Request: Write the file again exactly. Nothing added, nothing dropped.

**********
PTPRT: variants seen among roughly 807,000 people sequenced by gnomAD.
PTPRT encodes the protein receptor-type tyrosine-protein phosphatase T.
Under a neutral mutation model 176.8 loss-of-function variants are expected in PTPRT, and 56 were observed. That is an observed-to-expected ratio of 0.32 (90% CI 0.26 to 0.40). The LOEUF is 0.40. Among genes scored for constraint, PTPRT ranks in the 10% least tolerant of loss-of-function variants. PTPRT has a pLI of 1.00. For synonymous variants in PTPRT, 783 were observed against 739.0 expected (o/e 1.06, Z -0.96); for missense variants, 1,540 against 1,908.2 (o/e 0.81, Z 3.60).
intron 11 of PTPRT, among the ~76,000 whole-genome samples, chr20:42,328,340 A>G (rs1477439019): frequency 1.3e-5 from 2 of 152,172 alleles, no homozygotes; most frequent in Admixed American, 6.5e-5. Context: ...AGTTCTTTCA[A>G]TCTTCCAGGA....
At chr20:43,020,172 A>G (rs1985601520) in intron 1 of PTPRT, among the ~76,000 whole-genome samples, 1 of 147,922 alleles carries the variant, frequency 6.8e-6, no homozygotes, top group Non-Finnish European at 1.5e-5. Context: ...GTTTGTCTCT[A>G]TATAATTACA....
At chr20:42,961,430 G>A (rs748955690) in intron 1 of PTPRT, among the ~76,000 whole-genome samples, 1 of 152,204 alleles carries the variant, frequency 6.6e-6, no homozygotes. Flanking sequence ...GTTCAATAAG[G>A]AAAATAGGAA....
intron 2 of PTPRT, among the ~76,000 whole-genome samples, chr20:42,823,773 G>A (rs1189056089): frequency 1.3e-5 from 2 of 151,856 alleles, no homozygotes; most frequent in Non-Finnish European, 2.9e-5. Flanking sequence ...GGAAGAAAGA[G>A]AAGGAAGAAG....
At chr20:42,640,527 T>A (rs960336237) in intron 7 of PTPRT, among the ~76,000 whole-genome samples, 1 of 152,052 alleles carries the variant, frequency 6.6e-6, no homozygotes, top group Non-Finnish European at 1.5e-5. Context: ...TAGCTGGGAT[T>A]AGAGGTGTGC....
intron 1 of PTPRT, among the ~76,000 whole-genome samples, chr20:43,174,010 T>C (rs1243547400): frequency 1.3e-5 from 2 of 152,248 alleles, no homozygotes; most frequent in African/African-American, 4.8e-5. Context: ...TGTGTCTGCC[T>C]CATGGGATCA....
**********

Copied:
PTPRT: variants seen among roughly 807,000 people sequenced by gnomAD.
PTPRT encodes the protein receptor-type tyrosine-protein phosphatase T.
Under a neutral mutation model 176.8 loss-of-function variants are expected in PTPRT, and 56 were observed. That is an observed-to-expected ratio of 0.32 (90% CI 0.26 to 0.40). The LOEUF is 0.40. Among genes scored for constraint, PTPRT ranks in the 10% least tolerant of loss-of-function variants. PTPRT has a pLI of 1.00. For synonymous variants in PTPRT, 783 were observed against 739.0 expected (o/e 1.06, Z -0.96); for missense variants, 1,540 against 1,908.2 (o/e 0.81, Z 3.60).
intron 11 of PTPRT, among the ~76,000 whole-genome samples, chr20:42,328,340 A>G (rs1477439019): frequency 1.3e-5 from 2 of 152,172 alleles, no homozygotes; most frequent in Admixed American, 6.5e-5. Context: ...AGTTCTTTCA[A>G]TCTTCCAGGA....
At chr20:43,020,172 A>G (rs1985601520) in intron 1 of PTPRT, among the ~76,000 whole-genome samples, 1 of 147,922 alleles carries the variant, frequency 6.8e-6, no homozygotes, top group Non-Finnish European at 1.5e-5. Context: ...GTTTGTCTCT[A>G]TATAATTACA....
At chr20:42,961,430 G>A (rs748955690) in intron 1 of PTPRT, among the ~76,000 whole-genome samples, 1 of 152,204 alleles carries the variant, frequency 6.6e-6, no homozygotes. Flanking sequence ...GTTCAATAAG[G>A]AAAATAGGAA....
intron 2 of PTPRT, among the ~76,000 whole-genome samples, chr20:42,823,773 G>A (rs1189056089): frequency 1.3e-5 from 2 of 151,856 alleles, no homozygotes; most frequent in Non-Finnish European, 2.9e-5. Flanking sequence ...GGAAGAAAGA[G>A]AAGGAAGAAG....
At chr20:42,640,527 T>A (rs960336237) in intron 7 of PTPRT, among the ~76,000 whole-genome samples, 1 of 152,052 alleles carries the variant, frequency 6.6e-6, no homozygotes, top group Non-Finnish European at 1.5e-5. Context: ...TAGCTGGGAT[T>A]AGAGGTGTGC....
intron 1 of PTPRT, among the ~76,000 whole-genome samples, chr20:43,174,010 T>C (rs1243547400): frequency 1.3e-5 from 2 of 152,248 alleles, no homozygotes; most frequent in African/African-American, 4.8e-5. Context: ...TGTGTCTGCC[T>C]CATGGGATCA....